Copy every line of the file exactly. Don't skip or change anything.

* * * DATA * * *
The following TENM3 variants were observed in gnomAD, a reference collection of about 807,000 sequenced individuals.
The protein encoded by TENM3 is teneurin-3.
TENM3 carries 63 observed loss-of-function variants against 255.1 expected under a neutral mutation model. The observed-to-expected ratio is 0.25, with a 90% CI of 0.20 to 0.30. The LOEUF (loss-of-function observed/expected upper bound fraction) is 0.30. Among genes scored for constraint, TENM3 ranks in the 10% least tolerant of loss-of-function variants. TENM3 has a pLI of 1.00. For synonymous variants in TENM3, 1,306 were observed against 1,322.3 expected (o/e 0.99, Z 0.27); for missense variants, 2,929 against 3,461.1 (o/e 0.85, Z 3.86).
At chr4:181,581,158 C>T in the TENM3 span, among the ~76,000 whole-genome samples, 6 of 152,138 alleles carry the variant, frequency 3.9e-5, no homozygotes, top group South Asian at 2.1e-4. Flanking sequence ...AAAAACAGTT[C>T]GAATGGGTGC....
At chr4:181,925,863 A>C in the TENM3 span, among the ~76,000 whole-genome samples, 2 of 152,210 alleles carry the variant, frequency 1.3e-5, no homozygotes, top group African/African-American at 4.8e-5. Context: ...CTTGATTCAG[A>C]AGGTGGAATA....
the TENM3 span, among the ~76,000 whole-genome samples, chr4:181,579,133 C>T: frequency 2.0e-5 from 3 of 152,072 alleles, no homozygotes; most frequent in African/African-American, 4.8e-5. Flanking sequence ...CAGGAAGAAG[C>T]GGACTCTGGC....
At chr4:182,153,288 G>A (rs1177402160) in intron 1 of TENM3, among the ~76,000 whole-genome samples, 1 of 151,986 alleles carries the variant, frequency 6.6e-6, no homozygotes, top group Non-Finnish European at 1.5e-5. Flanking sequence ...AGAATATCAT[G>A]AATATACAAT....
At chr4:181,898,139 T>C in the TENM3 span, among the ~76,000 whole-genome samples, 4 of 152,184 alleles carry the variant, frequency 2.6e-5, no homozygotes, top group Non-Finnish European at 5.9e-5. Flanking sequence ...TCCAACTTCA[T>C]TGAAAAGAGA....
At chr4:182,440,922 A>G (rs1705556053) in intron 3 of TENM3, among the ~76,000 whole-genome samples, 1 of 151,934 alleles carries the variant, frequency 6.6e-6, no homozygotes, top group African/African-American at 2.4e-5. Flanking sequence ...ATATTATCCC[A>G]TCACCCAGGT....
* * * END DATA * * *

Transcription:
The following TENM3 variants were observed in gnomAD, a reference collection of about 807,000 sequenced individuals.
The protein encoded by TENM3 is teneurin-3.
TENM3 carries 63 observed loss-of-function variants against 255.1 expected under a neutral mutation model. The observed-to-expected ratio is 0.25, with a 90% CI of 0.20 to 0.30. The LOEUF (loss-of-function observed/expected upper bound fraction) is 0.30. Among genes scored for constraint, TENM3 ranks in the 10% least tolerant of loss-of-function variants. TENM3 has a pLI of 1.00. For synonymous variants in TENM3, 1,306 were observed against 1,322.3 expected (o/e 0.99, Z 0.27); for missense variants, 2,929 against 3,461.1 (o/e 0.85, Z 3.86).
At chr4:181,581,158 C>T in the TENM3 span, among the ~76,000 whole-genome samples, 6 of 152,138 alleles carry the variant, frequency 3.9e-5, no homozygotes, top group South Asian at 2.1e-4. Flanking sequence ...AAAAACAGTT[C>T]GAATGGGTGC....
At chr4:181,925,863 A>C in the TENM3 span, among the ~76,000 whole-genome samples, 2 of 152,210 alleles carry the variant, frequency 1.3e-5, no homozygotes, top group African/African-American at 4.8e-5. Context: ...CTTGATTCAG[A>C]AGGTGGAATA....
the TENM3 span, among the ~76,000 whole-genome samples, chr4:181,579,133 C>T: frequency 2.0e-5 from 3 of 152,072 alleles, no homozygotes; most frequent in African/African-American, 4.8e-5. Flanking sequence ...CAGGAAGAAG[C>T]GGACTCTGGC....
At chr4:182,153,288 G>A (rs1177402160) in intron 1 of TENM3, among the ~76,000 whole-genome samples, 1 of 151,986 alleles carries the variant, frequency 6.6e-6, no homozygotes, top group Non-Finnish European at 1.5e-5. Flanking sequence ...AGAATATCAT[G>A]AATATACAAT....
At chr4:181,898,139 T>C in the TENM3 span, among the ~76,000 whole-genome samples, 4 of 152,184 alleles carry the variant, frequency 2.6e-5, no homozygotes, top group Non-Finnish European at 5.9e-5. Flanking sequence ...TCCAACTTCA[T>C]TGAAAAGAGA....
At chr4:182,440,922 A>G (rs1705556053) in intron 3 of TENM3, among the ~76,000 whole-genome samples, 1 of 151,934 alleles carries the variant, frequency 6.6e-6, no homozygotes, top group African/African-American at 2.4e-5. Flanking sequence ...ATATTATCCC[A>G]TCACCCAGGT....